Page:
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"DeFi is Eating Finance": How Decentralized Protocols Rethink Finance

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Decentralized Finance (DeFi) has the potential to massively change the banking world – yes, you can even say that DeFi is in the process of reinventing our financial system from the ground up. The sector is already far more efficient than the traditional financial world in some areas.
“Software is eating the world” is the title of an article from 2011 by Marc Andreessen. Marc Andreessen is co-founder of the investment giant Andreessen Horowitz. The company recently announced that it plans to invest a gigantic sum of 2.2 billion US dollars in crypto space – including DeFi. In his 10-year-old article, Andreessen describes that software companies will replace established companies and revolutionize entire industries. Ten years later we know that he should be absolutely right.
Amazon has replaced consumer product sales, Spotify has taken over the music industry, and websites like LinkedIn have almost completely replaced traditional recruiting methods. And how did you do it? By offering services that were faster, cheaper and better than the “old” industry. For Andreessen it was only a matter of time before software would devour every industry. But so far this has not applied to the financial sector – could DeFi change that?

“DeFi is eating finance”

While software has replaced numerous industries in recent years, it has played a comparatively minor role in the financial sector. Thanks to the established providers, high conversion costs and regulatory restrictions, innovation in the financial sector has mainly happened on the surface.
While banking apps and fintech companies have changed the way I send money, basically our financial system today is still largely based on systems that were developed in the 1970s (or earlier).
Decentralized finance, on the other hand, is building our financial sector from scratch. People are being replaced by smart contracts, paperwork by code, and law enforcement by rules set in code. As a consequence, DeFi protocols work more cost-effectively and enable completely new business models in the financial world. Interestingly, this development is very similar to the evolution within the software industry.
Initially, software developed from monolithic infrastructures and applications to microservices based on cloud technology, which realize cost efficiencies (pooling of resources, cloud computing) and have enabled completely new business models, such as service-on-demand.

Enterprise vs. DeFi Protocols

Of course, it is not possible to compare companies and DeFi applications exactly. Still, P&L allows you to compare relatively similar industries with one another to get a rough idea of ​​how much more effective DeFi protocols can be.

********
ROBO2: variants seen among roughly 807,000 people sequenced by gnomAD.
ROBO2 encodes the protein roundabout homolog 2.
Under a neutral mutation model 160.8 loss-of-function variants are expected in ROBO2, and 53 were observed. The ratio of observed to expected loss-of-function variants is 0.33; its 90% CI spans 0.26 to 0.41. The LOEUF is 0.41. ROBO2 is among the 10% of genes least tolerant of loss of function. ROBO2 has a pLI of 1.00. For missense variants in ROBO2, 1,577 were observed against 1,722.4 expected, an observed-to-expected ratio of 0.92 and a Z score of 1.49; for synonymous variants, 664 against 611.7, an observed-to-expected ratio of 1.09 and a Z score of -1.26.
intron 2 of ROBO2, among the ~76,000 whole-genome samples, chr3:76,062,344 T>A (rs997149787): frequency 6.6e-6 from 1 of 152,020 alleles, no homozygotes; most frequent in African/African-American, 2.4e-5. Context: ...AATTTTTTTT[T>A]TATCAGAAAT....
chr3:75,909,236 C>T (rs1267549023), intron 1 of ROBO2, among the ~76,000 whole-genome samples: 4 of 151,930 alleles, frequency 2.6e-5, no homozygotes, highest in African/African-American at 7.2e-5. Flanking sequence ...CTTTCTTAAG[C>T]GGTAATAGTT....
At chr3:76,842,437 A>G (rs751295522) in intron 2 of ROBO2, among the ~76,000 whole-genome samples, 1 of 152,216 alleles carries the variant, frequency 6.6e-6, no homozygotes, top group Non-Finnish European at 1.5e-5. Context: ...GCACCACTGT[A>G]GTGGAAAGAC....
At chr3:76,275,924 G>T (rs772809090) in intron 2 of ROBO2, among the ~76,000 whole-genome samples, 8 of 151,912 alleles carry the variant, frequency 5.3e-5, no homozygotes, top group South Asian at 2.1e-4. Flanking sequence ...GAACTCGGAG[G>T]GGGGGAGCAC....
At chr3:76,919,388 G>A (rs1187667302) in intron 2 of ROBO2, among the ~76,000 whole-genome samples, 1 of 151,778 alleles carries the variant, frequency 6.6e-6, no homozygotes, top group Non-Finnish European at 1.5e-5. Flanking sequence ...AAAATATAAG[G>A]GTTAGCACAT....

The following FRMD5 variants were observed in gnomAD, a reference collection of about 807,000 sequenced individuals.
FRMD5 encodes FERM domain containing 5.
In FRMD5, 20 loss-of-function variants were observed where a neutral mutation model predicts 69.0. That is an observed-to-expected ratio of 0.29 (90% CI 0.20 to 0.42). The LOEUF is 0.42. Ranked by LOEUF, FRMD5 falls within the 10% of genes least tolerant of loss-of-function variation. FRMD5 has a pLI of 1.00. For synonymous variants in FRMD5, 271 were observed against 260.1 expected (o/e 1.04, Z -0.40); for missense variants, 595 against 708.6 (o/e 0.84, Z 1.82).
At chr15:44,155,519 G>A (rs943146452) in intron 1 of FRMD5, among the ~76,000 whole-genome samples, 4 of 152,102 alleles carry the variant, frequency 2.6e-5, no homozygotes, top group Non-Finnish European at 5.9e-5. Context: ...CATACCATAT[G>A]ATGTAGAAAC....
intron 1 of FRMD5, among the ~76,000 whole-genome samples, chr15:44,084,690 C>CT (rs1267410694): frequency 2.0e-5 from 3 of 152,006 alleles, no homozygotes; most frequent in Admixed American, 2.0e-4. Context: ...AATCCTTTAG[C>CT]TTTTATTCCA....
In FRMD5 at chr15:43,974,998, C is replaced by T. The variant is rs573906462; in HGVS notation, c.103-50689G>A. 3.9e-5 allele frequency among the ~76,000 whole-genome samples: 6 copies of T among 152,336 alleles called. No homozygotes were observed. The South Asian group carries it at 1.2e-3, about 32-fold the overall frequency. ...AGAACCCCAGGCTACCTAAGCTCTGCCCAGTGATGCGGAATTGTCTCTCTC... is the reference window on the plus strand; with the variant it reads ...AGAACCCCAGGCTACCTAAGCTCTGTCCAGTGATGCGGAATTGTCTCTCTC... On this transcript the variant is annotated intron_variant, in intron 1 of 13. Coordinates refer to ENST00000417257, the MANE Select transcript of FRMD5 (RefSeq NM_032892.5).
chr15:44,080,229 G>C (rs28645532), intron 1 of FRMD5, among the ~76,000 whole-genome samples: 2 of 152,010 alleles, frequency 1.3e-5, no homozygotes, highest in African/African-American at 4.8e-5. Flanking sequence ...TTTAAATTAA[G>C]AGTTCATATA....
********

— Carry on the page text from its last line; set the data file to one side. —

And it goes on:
MakerDAO (MKR) vs. Deutsche Bank

In 2020, Deutsche Bank had infrastructure, real estate and operational costs of eight billion dollars. That is just about 64 percent of the total operating costs the company. This cost structure is to be expected in such a large and structurally important organization with a history going back more than 100 years. Compared to the MakerDAO lending protocol, this cost structure looks catastrophic.
Because MakerDAO does not need any real estate or servers distributed around the world to provide its services. Therefore, at MakerDAO, most of the operating costs fall on the workforce. However, this is minimal compared to the total net income. As a result, MakerDAO posted a 99 percent profit margin in May 2022. The Deutsche Bank, however, recorded only 16.11 percent in the same period.

What’s next?

Over the next decade, DeFi protocols will be deployed as “financial microservices” for traditional financial institutions as well as traditional fintech companies like PayPal. An example of how the traditional financial world will merge with DeFi was recently illustrated by a project by Compound.
With “Compound Treasury”, a project specially developed for companies and financial institutions, Compound wants to offer institutional investors easy access to DeFi. The idea is relatively simple: a fixed annual interest rate of four percent on all deposited US dollars.

It can therefore be assumed that in the next few years more and more institutions will use decentralized financial applications as their backend infrastructure in order to offer their customers new financial services from the DeFi world. Although the integration of the DeFi protocols into the Fiat economy will incur additional costs, it will probably still be far more efficient than the current market structure.
It is still difficult to predict whether decentralized finance will ultimately establish itself as the dominant financial system. Because: Neither central banks nor governments should be interested in completely giving up their monopoly of power.

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